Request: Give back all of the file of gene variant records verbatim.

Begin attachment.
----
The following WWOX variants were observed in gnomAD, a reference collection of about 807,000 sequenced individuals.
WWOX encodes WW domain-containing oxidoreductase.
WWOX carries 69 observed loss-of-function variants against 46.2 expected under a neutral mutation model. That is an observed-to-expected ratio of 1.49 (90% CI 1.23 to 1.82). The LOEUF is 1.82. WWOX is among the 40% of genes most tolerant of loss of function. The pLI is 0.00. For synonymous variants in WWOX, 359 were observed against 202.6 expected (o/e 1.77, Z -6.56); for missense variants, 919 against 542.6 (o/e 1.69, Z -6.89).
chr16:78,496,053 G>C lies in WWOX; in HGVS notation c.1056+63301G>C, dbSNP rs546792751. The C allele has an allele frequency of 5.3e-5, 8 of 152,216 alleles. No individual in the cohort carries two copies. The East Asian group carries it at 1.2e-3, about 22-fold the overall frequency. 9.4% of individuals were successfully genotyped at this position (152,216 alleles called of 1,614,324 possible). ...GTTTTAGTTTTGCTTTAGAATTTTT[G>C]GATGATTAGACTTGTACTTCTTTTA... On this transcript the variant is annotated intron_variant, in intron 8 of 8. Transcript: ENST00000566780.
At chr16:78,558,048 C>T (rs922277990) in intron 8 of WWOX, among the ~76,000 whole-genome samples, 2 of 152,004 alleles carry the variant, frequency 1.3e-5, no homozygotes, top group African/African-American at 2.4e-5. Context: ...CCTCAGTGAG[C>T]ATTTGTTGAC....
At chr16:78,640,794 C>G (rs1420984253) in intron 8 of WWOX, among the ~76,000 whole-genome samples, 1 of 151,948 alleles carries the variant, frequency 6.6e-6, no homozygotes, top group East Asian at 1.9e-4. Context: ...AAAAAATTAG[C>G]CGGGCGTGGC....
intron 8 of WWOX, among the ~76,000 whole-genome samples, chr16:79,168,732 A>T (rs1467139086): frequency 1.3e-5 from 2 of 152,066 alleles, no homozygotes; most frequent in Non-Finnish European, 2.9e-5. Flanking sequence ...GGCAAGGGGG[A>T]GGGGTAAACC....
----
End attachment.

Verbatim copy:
The following WWOX variants were observed in gnomAD, a reference collection of about 807,000 sequenced individuals.
WWOX encodes WW domain-containing oxidoreductase.
WWOX carries 69 observed loss-of-function variants against 46.2 expected under a neutral mutation model. That is an observed-to-expected ratio of 1.49 (90% CI 1.23 to 1.82). The LOEUF is 1.82. WWOX is among the 40% of genes most tolerant of loss of function. The pLI is 0.00. For synonymous variants in WWOX, 359 were observed against 202.6 expected (o/e 1.77, Z -6.56); for missense variants, 919 against 542.6 (o/e 1.69, Z -6.89).
chr16:78,496,053 G>C lies in WWOX; in HGVS notation c.1056+63301G>C, dbSNP rs546792751. The C allele has an allele frequency of 5.3e-5, 8 of 152,216 alleles. No individual in the cohort carries two copies. The East Asian group carries it at 1.2e-3, about 22-fold the overall frequency. 9.4% of individuals were successfully genotyped at this position (152,216 alleles called of 1,614,324 possible). ...GTTTTAGTTTTGCTTTAGAATTTTT[G>C]GATGATTAGACTTGTACTTCTTTTA... On this transcript the variant is annotated intron_variant, in intron 8 of 8. Transcript: ENST00000566780.
At chr16:78,558,048 C>T (rs922277990) in intron 8 of WWOX, among the ~76,000 whole-genome samples, 2 of 152,004 alleles carry the variant, frequency 1.3e-5, no homozygotes, top group African/African-American at 2.4e-5. Context: ...CCTCAGTGAG[C>T]ATTTGTTGAC....
At chr16:78,640,794 C>G (rs1420984253) in intron 8 of WWOX, among the ~76,000 whole-genome samples, 1 of 151,948 alleles carries the variant, frequency 6.6e-6, no homozygotes, top group East Asian at 1.9e-4. Context: ...AAAAAATTAG[C>G]CGGGCGTGGC....
intron 8 of WWOX, among the ~76,000 whole-genome samples, chr16:79,168,732 A>T (rs1467139086): frequency 1.3e-5 from 2 of 152,066 alleles, no homozygotes; most frequent in Non-Finnish European, 2.9e-5. Flanking sequence ...GGCAAGGGGG[A>T]GGGGTAAACC....